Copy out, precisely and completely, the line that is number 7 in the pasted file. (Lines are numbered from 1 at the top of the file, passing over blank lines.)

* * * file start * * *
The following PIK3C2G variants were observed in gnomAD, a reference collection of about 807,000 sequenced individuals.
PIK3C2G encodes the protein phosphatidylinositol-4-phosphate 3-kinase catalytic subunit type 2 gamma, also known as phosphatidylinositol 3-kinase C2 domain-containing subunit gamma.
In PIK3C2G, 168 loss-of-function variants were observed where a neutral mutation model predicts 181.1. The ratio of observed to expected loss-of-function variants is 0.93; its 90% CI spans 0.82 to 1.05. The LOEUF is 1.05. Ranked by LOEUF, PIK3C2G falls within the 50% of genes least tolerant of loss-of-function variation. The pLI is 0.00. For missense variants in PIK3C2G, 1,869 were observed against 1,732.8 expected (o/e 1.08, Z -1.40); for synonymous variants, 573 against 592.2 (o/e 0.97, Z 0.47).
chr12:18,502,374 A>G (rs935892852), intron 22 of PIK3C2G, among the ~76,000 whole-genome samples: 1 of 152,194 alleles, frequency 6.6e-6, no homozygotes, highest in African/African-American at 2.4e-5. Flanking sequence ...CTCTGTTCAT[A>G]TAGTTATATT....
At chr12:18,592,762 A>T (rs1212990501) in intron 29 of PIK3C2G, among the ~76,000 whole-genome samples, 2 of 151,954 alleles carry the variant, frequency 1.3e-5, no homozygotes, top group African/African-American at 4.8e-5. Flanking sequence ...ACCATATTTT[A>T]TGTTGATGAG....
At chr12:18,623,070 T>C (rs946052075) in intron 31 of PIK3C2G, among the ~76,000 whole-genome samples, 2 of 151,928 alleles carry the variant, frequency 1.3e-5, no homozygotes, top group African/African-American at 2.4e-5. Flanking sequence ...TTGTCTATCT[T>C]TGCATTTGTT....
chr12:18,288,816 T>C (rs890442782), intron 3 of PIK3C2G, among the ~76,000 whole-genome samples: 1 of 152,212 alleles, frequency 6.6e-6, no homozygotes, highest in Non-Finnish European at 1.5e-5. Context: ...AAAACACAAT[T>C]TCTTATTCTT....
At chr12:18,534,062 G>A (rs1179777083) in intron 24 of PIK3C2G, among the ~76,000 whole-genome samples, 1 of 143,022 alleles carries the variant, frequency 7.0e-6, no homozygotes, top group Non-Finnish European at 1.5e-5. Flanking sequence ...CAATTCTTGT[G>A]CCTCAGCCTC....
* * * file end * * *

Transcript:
chr12:18,288,816 T>C (rs890442782), intron 3 of PIK3C2G, among the ~76,000 whole-genome samples: 1 of 152,212 alleles, frequency 6.6e-6, no homozygotes, highest in Non-Finnish European at 1.5e-5. Context: ...AAAACACAAT[T>C]TCTTATTCTT....